"A non-traditional intervention, the finished quilt has proven to be uplifting, empowering, and transformative, beyond what any of us could have imagined. Something magical and healing occurred when survivors took the remote control in their hands, determined how to pose their own bodies, and decided when and how their image was to be recorded."

Greg shares more ideas from this past fall on working  with another underserved population in the Chicago area...
 "I started my class this semester working with the escalating refugee population in Wheaton.  Mostly from Congo and Burundi; the civil war there is pretty harrowing.  A number of us in Wheaton donated our backyards for some of them to farm.  My students documented the gardens and we had an exhibition a few weeks back: all the African gardeners came.  There was abundant Congolese and other food that they made.  Only a few of the homeowners came.  The refugees had never been to an opening, nor had most of them seen pictures of themselves.  It was quite a wild time.  So Karen and I invited our gardeners for dinner this afternoon with another refugee family.  Talk about culture shock..."

 You can read more about the quilt project HERE.

Monday, August 27, 2012

The Art of Human Rights

Charles Gniech, Chief curator of The Illinois Institute of Art in Chicago and fellow artist, is at it again. He has organized an alternative exhibition at the Zia Gallery in Winnetka to support the amazing Heartland Alliance of Chicago. His energy and curatorial abilities are impressive. The show will only be up for a few short days, so if you are interested in supporting both artists and a wonderful social service organization, be sure to stop by.

Zia Gallery, 548 Chestnut Street;  Winnetka, Illinois
Monday, August 27 – Exhibition opens
Thursday, August 30 – Main event: 5-8:30 
Saturday, September 1 – Exhibition Closes

Saturday, August 11, 2012

Special Places

I am about ready to head out to a special place that I have been visiting for the past 35 years. Every summer I make my pilgrimage to a remote location in Northern Wisconsin where I am able to dip into nature. Every year I bring my camera and am surprised by  new discoveries. It reinforces my thought that the longer you spend with your muse, the deeper the work becomes. 

I thought it would be fun to share some of the images I have made over time.


Monday, August 06, 2012

The Evolution of an Artist Statement

I began the Burn work over 5 years ago. As many of you know, it coincided with my sister's first chemotherapy treatment. For the first 2 years of the project, I couldn't / did not want to, make the connection or discuss it in my artist statement.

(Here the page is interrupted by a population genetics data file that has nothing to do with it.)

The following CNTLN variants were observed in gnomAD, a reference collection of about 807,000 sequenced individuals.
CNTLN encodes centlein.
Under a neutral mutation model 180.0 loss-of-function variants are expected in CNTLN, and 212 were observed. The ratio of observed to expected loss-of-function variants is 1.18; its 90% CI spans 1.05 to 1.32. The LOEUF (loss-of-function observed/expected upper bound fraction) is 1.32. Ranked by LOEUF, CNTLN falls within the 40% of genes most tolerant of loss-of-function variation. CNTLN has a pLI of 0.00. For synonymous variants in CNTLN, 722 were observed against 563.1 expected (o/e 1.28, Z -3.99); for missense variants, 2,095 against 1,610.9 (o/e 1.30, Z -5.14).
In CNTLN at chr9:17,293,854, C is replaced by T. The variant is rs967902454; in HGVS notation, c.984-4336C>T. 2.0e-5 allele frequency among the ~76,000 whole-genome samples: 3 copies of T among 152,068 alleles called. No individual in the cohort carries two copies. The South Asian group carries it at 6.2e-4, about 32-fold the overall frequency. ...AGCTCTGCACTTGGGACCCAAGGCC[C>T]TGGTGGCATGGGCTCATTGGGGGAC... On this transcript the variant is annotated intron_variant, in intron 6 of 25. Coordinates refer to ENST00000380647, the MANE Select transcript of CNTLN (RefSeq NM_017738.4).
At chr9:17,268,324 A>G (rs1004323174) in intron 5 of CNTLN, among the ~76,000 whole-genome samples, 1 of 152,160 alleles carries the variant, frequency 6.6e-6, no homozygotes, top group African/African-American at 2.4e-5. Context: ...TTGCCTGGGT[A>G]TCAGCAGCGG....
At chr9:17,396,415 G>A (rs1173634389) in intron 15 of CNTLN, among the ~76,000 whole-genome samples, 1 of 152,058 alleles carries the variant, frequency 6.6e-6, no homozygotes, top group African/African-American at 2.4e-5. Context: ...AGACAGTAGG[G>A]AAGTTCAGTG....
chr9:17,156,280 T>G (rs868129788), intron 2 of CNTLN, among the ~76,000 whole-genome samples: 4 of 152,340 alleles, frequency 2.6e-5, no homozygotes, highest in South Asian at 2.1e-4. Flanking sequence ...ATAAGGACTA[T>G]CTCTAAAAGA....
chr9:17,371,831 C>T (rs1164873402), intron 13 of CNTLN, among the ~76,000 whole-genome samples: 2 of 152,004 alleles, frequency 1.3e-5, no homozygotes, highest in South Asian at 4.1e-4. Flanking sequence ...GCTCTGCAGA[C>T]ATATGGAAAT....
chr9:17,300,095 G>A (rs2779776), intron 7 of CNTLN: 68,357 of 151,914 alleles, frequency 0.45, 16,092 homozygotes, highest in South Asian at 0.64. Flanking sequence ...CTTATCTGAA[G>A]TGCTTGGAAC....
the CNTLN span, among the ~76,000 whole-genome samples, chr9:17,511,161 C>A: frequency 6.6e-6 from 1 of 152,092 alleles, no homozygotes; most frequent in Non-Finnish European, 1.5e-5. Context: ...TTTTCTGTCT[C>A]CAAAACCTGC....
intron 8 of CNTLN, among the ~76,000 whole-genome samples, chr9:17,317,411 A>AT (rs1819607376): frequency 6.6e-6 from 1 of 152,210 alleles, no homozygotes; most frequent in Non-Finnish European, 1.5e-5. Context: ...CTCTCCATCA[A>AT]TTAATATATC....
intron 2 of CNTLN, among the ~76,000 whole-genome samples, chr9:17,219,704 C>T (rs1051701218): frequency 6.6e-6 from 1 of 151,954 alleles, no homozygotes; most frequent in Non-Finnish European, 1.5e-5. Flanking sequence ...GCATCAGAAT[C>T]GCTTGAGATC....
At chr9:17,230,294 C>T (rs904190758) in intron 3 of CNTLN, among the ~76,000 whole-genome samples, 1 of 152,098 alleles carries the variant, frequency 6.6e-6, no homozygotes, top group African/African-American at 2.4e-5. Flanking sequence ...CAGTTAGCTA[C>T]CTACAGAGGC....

Burn No. 21

Artist Statement Version #1

While accompanying restoration ecologists on prescribed burns, I am drawn to the ephemeral quality of a single moment when life and death do not seem opposed to each other, but are parts of a single process to be accepted as a whole.
The Burn series evolved from my ongoing interest in life cycles. Controlled burns imitate naturally occurring fires by removing accumulated dead vegetation and releasing seeds from dormancy. By opening the woodlands to more sunlight, the fires prepare the soil for new spring growth, and the cycle of renewal continues.
Burn No.74

After attending an artist residency with many writers, I was convinced that my sister's illness was a very important part of this work, and that I needed to include it in my statement.

Artist statment version #2
   While accompanying restoration ecologists on prescribed prairie burns, I am drawn to the ephemeral quality of the single moment when life and death are not opposites, but rather parts of a single process to be embraced as a whole.

As fate would have it, this project began on the same day (and actual hour) of my sister’s first chemotherapy treatment, having just been diagnosed with ovarian cancer. The parallels between the burn and chemotherapy were immediately revealed to me as I photographed with my sister in my heart and mind.

Burning helps reduce invasive vegetation that crowd out native plants, allowing sunlight to reach the seedlings. By opening the woodlands to more daylight, the fires prepare the soil for new spring growth, and the cycle of renewal continues. So too, chemotherapy removes unwanted growth, allowing for new healthy cells to reestablish themselves. It with this deeper understanding of the life cycle that these images were created.
And then I went to Fotofest where I met a curator who said that the artist statement did not really reflect what she was seeing in the work. I let this feedback simmer for a few months. I knew she was right and struggled with how to rewrite the statement. I worked on it on and off and nothing was coming to me. I could "feel" it but not articulate it.
I then had a very interesting conversation this summer with 2 dear friends who both completed their PHD's in art history. To my utter surprise, one friend said, and I quote, "It is not the job of the artist to write about the work. The job of the artist is just to make the work. Writing about it should be left to others."